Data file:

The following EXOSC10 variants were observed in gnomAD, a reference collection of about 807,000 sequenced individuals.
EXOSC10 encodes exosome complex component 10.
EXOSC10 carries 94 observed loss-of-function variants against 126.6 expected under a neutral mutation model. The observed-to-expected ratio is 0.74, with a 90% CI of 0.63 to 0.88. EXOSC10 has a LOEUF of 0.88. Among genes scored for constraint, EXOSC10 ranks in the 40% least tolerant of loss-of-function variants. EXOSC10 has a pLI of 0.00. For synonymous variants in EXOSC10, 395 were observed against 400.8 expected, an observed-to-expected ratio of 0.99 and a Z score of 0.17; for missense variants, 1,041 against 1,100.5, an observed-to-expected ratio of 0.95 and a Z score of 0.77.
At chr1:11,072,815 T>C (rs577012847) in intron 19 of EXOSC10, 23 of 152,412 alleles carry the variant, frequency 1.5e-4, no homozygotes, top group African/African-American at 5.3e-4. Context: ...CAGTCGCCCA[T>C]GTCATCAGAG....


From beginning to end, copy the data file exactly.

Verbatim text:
The following EXOSC10 variants were observed in gnomAD, a reference collection of about 807,000 sequenced individuals.
EXOSC10 encodes exosome complex component 10.
EXOSC10 carries 94 observed loss-of-function variants against 126.6 expected under a neutral mutation model. The observed-to-expected ratio is 0.74, with a 90% CI of 0.63 to 0.88. EXOSC10 has a LOEUF of 0.88. Among genes scored for constraint, EXOSC10 ranks in the 40% least tolerant of loss-of-function variants. EXOSC10 has a pLI of 0.00. For synonymous variants in EXOSC10, 395 were observed against 400.8 expected, an observed-to-expected ratio of 0.99 and a Z score of 0.17; for missense variants, 1,041 against 1,100.5, an observed-to-expected ratio of 0.95 and a Z score of 0.77.
At chr1:11,072,815 T>C (rs577012847) in intron 19 of EXOSC10, 23 of 152,412 alleles carry the variant, frequency 1.5e-4, no homozygotes, top group African/African-American at 5.3e-4. Context: ...CAGTCGCCCA[T>C]GTCATCAGAG....